Mixed Print and Installation
Listening: Transmit, Receive, Connect
I am continuing my investigations into how to visualize the complexities of communication and "in-between" states. Theories of evolutionary language development and neuro- biological linguistics have been the inspiration for my recent work. Additionally, as I aim to find visual equivalents for sound, I'm experimenting with bringing two dimensional works into a three dimensional sphere —literally using volume— and, in some work, am pushing my materials into unexpected forms.
Listening: Transmit, Receive, Connect is a large-scale, three-part installation that posits aspects of sound, hearing, interpretation and the organic and mechanical forms that give us a mysterious range from cacophony to silence.
I use materials integral to these ideas: copper plates used for hand-pulled printmaking are re-fashioned as objects themselves; player piano scrolls in which the holes (absence) indicate the presence of sound are surfaces for printing and drawing; and copper and plastic tubes, used in hearing aids, take on new meanings in this installation work. I suggest lingering traces and infinite regressions of language spoken, heard and visually encoded by actively deploying the shadows cast from the works
Transmit, the first part of the Listening installation, is a matrix of over 800 feet ofetched, inked and waxed copper tubes of various lengths. Suspended on monofilament from heights of eight to ten feet high, Transmit is arranged in three separate "pages" to evoke passages of text, music stanzas, runes, sound-making instruments, etc. Each pipe is intricately inscribed with glyphs, minute patterns, and almost indecipherable words (repeating the phrases "one last question," "what you already know" and "please shout"—all language that has appeared in previous work).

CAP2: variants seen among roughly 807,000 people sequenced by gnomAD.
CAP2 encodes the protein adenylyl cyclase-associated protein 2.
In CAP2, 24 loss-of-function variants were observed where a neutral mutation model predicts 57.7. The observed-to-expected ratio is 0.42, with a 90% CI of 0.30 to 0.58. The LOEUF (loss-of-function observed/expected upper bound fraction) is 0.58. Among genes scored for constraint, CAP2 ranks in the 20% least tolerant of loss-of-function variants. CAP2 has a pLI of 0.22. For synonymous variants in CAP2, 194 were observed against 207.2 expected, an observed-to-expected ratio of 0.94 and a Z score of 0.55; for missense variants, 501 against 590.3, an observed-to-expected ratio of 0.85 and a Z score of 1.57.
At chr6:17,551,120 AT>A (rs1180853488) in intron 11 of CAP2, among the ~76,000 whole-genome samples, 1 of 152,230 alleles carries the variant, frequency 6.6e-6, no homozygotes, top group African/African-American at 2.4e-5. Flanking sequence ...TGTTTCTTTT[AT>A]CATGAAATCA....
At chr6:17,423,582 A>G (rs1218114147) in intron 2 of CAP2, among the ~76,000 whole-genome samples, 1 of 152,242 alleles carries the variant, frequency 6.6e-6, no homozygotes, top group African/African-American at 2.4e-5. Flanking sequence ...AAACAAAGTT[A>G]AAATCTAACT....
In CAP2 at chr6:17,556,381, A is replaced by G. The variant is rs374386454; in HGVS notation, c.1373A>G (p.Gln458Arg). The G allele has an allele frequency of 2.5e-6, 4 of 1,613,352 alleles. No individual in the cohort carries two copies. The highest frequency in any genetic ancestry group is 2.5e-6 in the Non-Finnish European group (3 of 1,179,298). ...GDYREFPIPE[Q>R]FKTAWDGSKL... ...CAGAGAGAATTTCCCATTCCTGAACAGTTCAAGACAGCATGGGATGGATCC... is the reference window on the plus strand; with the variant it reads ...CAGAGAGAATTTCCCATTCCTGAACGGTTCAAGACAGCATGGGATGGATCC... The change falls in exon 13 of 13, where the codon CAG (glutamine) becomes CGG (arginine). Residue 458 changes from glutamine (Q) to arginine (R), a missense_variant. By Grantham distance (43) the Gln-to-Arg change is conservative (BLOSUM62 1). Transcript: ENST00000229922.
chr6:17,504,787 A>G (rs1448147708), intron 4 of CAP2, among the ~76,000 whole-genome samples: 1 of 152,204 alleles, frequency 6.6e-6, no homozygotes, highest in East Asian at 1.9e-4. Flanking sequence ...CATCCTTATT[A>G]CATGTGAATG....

Receive, the second part of the Listening Installation, consists of cone-shaped copper armatures for taut, translucent skins of prints. The prints, on transparentized Sekishu paper, are multi-plate etchings, some with relief roll that are made from the copper plates that are re-used in Connect, the third part of the installation. These structures range in diameter from 8 to 24 inches and in depth from 10 to 34 inches. Referencing satellite dishes, megaphones, ear trumpets or the labyrinthine cochlea of the ear, these structures move gently with air currents and cast dramatic shadows to furthersthe idea that sound continues infinitely into echoes and silence.
Connect, the final part of the installation, sprawls across the walls and is made of fragmented, deteriorated copper plates, plastic tubes and copper shards. Embodying the essence of the reiterative printmaking process, Connect unconventionally displays the plates used to make the prints. Thin plastic tubes (reminiscent of materials used in hearing aids), that contain thousands of tiny hand-cut copper shards and the residue of the degraded plates, connect the varied plates. Twisting like the once pneumonic tubes that passed messages from one place to another and casting shadows that mimic sentences or cityscapes, these tubes suggest the intricate ways language, sound and utterances morph their way to interpretation and meaning.